In the Taylor School District some elementary students from different grade levels are in the same classroom with one teacher.
Superintendent Diane Allen says it's part of the district's deficit reduction plan.
"We are a deficit district, so we have to spend our money wisely," said Allen.
With the influx of about 250 students from the disbanded Inkster School District this school year, teachers say their class sizes have grown. And now for those teachers responsible for children in two different grade levels, it's a very difficult balancing act.
"I have 35 students in a 4/5 split. I am doing the best I can to get by it's not educationally sound for kids," said Dawn Alef, a teacher at Holland Elementary.
Tonight school board members heard from parents and teachers about overcrowding in the schools.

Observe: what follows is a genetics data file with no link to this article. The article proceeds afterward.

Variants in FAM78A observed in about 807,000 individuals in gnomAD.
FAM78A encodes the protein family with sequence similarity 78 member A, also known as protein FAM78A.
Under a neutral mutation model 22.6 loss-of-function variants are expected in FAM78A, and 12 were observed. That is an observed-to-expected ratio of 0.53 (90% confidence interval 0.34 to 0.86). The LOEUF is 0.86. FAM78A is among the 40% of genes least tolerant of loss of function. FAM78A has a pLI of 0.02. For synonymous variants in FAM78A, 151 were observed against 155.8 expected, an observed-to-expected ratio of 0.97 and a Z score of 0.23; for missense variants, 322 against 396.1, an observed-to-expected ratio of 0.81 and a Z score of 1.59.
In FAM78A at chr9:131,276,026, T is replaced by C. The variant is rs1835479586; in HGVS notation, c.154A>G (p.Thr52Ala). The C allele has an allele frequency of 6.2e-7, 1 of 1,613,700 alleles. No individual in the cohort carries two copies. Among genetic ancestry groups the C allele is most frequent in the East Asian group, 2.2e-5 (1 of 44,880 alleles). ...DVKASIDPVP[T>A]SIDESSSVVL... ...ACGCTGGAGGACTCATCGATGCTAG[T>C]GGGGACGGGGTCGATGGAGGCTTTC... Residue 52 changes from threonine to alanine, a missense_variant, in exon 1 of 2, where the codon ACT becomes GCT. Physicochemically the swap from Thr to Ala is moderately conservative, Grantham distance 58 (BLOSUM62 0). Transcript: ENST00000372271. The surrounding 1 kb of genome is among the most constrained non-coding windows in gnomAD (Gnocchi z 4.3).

"All I am asking is for you to take the kids into consideration. They're young," said one parent.
The board approved Monday night the hiring of 15 teachers, positions that were eliminated last school year. It will help reduce class sizes to between 26 and 33 students.
But the split classes will remain for now because of the district's financial troubles.
"We are understand that the kids of this district are our primary focus. We also know we are being watched very closely by the state with our deficit elimination plan as you all well know, going through negotiations," said John Reilly, Taylor School Board president.